Policies and Procedures that identify steps that the broker-dealer will take

– in the event of the occurrence of certain events adverse to the firm’s custody of the Digital Asset Securities;

– to comply with a court ordered freeze or seizure of the digital asset securities;

-allow for the transfer of the digital asset securities in the event that the broker-dealer can no longer continue as a going concern.

The broker-dealer establishes, maintains, and enforces reasonably designed written policies, procedures, and arrangements to: (i) specifically identify, in advance, the steps it will take in the wake of certain events that could affect the firm’s custody of the digital asset securities, including, without limitation, blockchain malfunctions, 51% attacks, hard forks, or airdrops; (ii) allow for the broker-dealer to comply with a court-ordered freeze or seizure; and (iii) allow for the transfer of the digital asset securities held by the broker-dealer to another special purpose broker-dealer, a trustee, receiver, liquidator, or person performing a similar function, or to another appropriate person, in the event the broker-dealer can no longer continue  as a going concern and self-liquidates or is subject to a formal bankruptcy, receivership, liquidation, or similar proceeding;

 

Disclosures to customers The broker-dealer provides written disclosures to prospective customers: (i) that the firm is deeming itself to be in possession or control of digital asset securities held for the customer for the purposes of paragraph (b)(1) of Rule 15c3-3 based on its compliance with this Commission position; and (ii) about the risks of investing in or holding digital asset securities that, at a minimum: (a) prominently disclose that digital asset securities may not be “securities” as defined in the Securities Investor Protection Act of 1970 (“SIPA”)—and in particular, digital asset securities that are “investment contracts” under the Howey test but are not registered with the Commission are excluded from SIPA’s definition of “securities”—and thus the protections afforded to securities customers under SIPA may not apply; (b) describe the risks of fraud, manipulation, theft, and loss associated with digital asset securities; (c) describe the risks relating to valuation, price volatility, and liquidity associated with digital asset securities; and (d) describe, at a high level that would not compromise any security protocols, the processes, software and hardware systems, and any other formats or systems utilized by the broker-dealer to create, store, or use the broker-dealer’s private keys and protect them from loss, theft, or unauthorized or accidental use

 

Written Agreement The broker-dealer enters into a written agreement with each customer that sets forth the terms and conditions with respect to receiving, purchasing, holding, safekeeping, selling, transferring, exchanging, custodying, liquidating and otherwise transacting in digital asset securities on behalf of the customer

 

 

The Statement is limited to the application of Rule 15c3-3(b)(1) and does not in any way lessen the other regulatory requirements applicable to broker-dealers.

In addition to issuing the Statement, the Commission is seeking comment on the following questions below:

1. What are industry best practices with respect to protecting against theft, loss, and unauthorized or accidental use of private keys necessary for accessing and transferring digital asset securities? What are industry best practices for generating, safekeeping, and using private keys?  Please identify the sources of such best practices.

2. What are industry best practices to address events that could affect a broker-dealer’s custody of digital asset securities such as a hard fork, airdrop, or 51% attack? Please identify the sources of such best practices.

3. What are the processes, software and hardware systems, or other formats or systems that are currently available to broker-dealers to create, store, or use private keys and protect them from loss, theft, or unauthorized or accidental use?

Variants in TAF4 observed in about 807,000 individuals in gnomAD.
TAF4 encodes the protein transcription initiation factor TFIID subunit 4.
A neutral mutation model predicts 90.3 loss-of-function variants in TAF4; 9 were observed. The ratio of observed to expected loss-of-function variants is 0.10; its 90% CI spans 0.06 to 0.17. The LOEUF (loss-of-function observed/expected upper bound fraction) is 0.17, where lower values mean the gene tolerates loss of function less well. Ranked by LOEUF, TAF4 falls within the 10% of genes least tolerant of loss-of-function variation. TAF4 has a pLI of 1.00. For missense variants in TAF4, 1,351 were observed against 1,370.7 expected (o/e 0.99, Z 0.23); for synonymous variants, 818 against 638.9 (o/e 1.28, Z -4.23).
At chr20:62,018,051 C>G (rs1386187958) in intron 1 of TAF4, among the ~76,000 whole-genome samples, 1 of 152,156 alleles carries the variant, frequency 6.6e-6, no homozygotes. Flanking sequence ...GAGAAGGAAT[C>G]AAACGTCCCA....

4. What are accepted practices (or model language) with respect to disclosing the risks of digital asset securities and the use of private keys? Have these practices or the model language been utilized with customers?

5. Should the Commission expand this position in the future to include other businesses such as traditional securities and/or non-security digital assets? Should this position be expanded to include the use of non-security digital assets as a means of payment for digital asset securities, such as by incorporating a de minimis threshold for non-security digital assets?

6. What differences are there in the clearance and settlement of traditional securities and digital assets that could lead to higher or lower clearance and settlement risks for digital assets as compared to traditional securities?

7. What specific benefits and/or risks are implicated in a broker-dealer operating a digital asset alternative trading system that the Commission should consider for any future measures it may take?

 

The Commission statement and request for comment are published on the Commission’s website at https://www.sec.gov/news/press-release/2020-340 and will become effective 60 days after publication in the Federal Register.

 

The Statement and the steps required for compliance may pose significant operational and technological challenges for many broker-dealers that seek to rely on the Statement to hold Digital Asset Securities. While not addressed in the Statement, the changes that broker-dealers are required to undertake in order to comply with the Statement may constitute a material change requiring approval by FINRA pursuant to FINRA Rule 1017 and may implicate other areas of broker-dealer regulation and compliance, such as capital, clearance and settlement. FisherBroyles attorneys are knowledgeable on broker-dealer regulation and compliance and digital assets and are able to advise and assist you with complying with the Statement and navigating the regulatory landscape.  Please contact any of the following or your regular contact at FisherBroyles for assistance:  Robert A. Boresta at [email protected], Julian Hammar at [email protected], Michael Pierson at [email protected], and Seth Travis at [email protected].

 

[i] Exchange Act Release No. 90788 (Dec. 23, 2020).

[ii] The term “digital asset” refers to an asset that is issued and/or transferred using distributed ledger or blockchain technology (“distributed ledger technology”), including, but not limited to, so-called “virtual currencies,” “coins,” and “tokens.”

[iii] A digital asset may or may not meet the definition of a “security” under the federal securities laws. See, e.g., Report of Investigation Pursuant to Section 21(a) of the Securities Exchange Act of 1934: The DAO, Exchange Act Release No. 81207 (July 25, 2017).

[iv] See the Statement, Section III.